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We’ll help our William to conquer his illness

S15556H12 SH CHARITY BIKE RIDE JAMES LYNE PIC S.G. 05.04.2012

Charity Bike Ride The Family  Lyne of Upper Shoreham Road Shoreham S15556h12

S15556H12 SH CHARITY BIKE RIDE JAMES LYNE PIC S.G. 05.04.2012 Charity Bike Ride The Family Lyne of Upper Shoreham Road Shoreham S15556h12

AT JUST three years old, William Lyne has already suffered more than most will have to endure in a lifetime.

The Shoreham tot is currently fighting leukaemia for the second time in his short life, and next month will undergo a bone marrow transplant.

His family have been told he has a 50-50 chance of surviving the next five years, but the transplant is the only treatment available.

In a bid to do whatever he can, dad James, 39, will undertake a massive challenge, in September, cycling 260 miles, in five days, round the Danish island of Zealand, to raise money for Leukaemia and Lymphoma Research.

“When he was first diagnosed, in February last year, I had a craving for information,” he said.

“We wanted to cure cancer. We realised we were never going to do that. The only way we were ever going to be able to help was with funding.”

James and wife Lynda, also 39, took part in the Marsden March last year, walking 14 miles and raising about £3,100 for the Surrey hospital which has been caring for William.

“That did not really hurt, though,” said James. “William has been through so much pain, and, I know it sounds strange, I want to push myself beyond something I would normally be able to do.”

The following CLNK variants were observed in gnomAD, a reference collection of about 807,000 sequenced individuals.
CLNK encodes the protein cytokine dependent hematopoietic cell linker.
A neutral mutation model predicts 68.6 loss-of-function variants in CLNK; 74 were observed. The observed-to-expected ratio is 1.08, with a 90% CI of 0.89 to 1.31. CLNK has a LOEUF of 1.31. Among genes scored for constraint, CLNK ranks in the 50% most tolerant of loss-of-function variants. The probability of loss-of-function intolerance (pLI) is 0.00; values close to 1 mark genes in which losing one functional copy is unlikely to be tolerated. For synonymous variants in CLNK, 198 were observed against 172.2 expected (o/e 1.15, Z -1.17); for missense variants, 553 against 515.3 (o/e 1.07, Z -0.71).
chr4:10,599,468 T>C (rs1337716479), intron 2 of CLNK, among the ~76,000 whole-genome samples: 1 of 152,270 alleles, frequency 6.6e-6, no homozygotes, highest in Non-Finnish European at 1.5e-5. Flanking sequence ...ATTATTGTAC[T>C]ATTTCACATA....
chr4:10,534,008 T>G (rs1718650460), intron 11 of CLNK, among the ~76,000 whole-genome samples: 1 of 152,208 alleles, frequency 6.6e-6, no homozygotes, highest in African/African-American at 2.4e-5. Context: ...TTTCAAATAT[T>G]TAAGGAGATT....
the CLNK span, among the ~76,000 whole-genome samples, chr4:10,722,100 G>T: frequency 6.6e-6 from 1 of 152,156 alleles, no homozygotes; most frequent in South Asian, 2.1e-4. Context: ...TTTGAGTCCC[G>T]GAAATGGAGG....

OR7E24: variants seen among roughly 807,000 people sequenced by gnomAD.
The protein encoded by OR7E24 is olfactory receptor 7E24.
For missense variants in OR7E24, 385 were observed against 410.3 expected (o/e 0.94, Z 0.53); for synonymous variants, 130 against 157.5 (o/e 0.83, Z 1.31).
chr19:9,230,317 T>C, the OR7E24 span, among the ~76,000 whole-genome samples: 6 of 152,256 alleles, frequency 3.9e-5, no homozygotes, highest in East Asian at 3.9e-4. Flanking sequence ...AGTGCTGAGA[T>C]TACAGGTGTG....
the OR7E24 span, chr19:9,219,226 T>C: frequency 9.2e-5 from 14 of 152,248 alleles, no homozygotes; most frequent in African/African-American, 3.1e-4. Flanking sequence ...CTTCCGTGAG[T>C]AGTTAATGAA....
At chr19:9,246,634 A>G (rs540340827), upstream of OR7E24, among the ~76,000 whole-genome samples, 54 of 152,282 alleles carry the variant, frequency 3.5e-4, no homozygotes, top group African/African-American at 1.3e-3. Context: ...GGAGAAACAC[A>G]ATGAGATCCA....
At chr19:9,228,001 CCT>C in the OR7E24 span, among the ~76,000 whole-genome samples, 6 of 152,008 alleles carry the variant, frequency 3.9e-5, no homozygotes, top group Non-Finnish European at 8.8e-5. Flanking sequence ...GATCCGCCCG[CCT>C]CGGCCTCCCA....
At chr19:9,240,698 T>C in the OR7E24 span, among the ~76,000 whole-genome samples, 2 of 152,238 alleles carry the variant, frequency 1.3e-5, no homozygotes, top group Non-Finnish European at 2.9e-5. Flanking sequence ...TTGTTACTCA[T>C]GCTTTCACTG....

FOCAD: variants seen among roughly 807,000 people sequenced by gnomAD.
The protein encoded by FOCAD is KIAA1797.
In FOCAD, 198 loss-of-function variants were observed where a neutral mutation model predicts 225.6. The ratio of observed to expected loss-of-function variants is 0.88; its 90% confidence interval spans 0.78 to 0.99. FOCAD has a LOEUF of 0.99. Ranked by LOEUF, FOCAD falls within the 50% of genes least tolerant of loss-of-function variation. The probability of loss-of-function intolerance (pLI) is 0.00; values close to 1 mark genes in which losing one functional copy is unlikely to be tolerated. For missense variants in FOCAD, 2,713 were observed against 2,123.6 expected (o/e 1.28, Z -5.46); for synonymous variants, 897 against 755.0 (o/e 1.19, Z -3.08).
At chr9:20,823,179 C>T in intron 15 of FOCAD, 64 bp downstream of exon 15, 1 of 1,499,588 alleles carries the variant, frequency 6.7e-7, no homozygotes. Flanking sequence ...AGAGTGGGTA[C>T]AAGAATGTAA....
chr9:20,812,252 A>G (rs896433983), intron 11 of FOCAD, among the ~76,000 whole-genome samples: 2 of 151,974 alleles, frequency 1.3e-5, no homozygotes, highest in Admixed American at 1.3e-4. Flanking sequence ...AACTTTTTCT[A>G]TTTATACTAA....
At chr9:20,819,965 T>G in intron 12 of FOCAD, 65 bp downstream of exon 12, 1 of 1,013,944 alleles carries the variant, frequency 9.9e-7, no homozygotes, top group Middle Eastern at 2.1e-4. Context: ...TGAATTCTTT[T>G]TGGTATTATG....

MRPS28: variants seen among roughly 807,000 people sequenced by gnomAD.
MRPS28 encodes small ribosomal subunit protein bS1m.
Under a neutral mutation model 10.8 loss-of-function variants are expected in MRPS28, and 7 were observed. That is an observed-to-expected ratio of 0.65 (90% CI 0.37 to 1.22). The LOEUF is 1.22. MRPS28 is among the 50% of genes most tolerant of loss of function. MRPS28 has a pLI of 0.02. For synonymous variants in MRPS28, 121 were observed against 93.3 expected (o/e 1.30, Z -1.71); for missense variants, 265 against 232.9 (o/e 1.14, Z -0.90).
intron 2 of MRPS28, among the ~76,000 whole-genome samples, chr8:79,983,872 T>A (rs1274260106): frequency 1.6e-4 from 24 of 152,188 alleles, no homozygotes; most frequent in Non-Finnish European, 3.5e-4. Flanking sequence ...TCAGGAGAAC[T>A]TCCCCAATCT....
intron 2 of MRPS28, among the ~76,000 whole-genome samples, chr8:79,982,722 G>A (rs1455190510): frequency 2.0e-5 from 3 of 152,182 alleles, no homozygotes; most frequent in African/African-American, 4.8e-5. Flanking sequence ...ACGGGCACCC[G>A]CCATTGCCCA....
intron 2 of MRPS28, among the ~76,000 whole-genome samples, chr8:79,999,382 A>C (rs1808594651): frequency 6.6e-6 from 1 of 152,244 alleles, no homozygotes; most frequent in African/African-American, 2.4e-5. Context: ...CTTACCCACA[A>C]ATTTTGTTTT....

William was just two years old when he was first diagnosed with one of the most aggressive strains of the disease, AML , and went through four cycles of chemotherapy.

The family, including Amelie, six, was told he was in remission, and there was only a 30 per cent chance the blood cancer would come back.

On Christmas Day, though, the disease reared its head, meaning more chemotherapy, and the transplant is now William’s only chance.

Both times he had chemotherapy, William lost the ability to walk, and had to learn the skill again, but nothing stopped her determined boy, said Lynda.

“He has been the most ideal, well-behaved patient,” said Lynda, adding he had been in intensive care three times this year alone.

“Not once in two years has he moaned. He is a real little fighter, he is amazing.”

James will be joined by his brother, David, and friend, Paul Richardson, for his cycling challenge.

They are aiming to raise about £1,000 between them.

To sponsor them, go to www.justgiving.com/williamlyne

 

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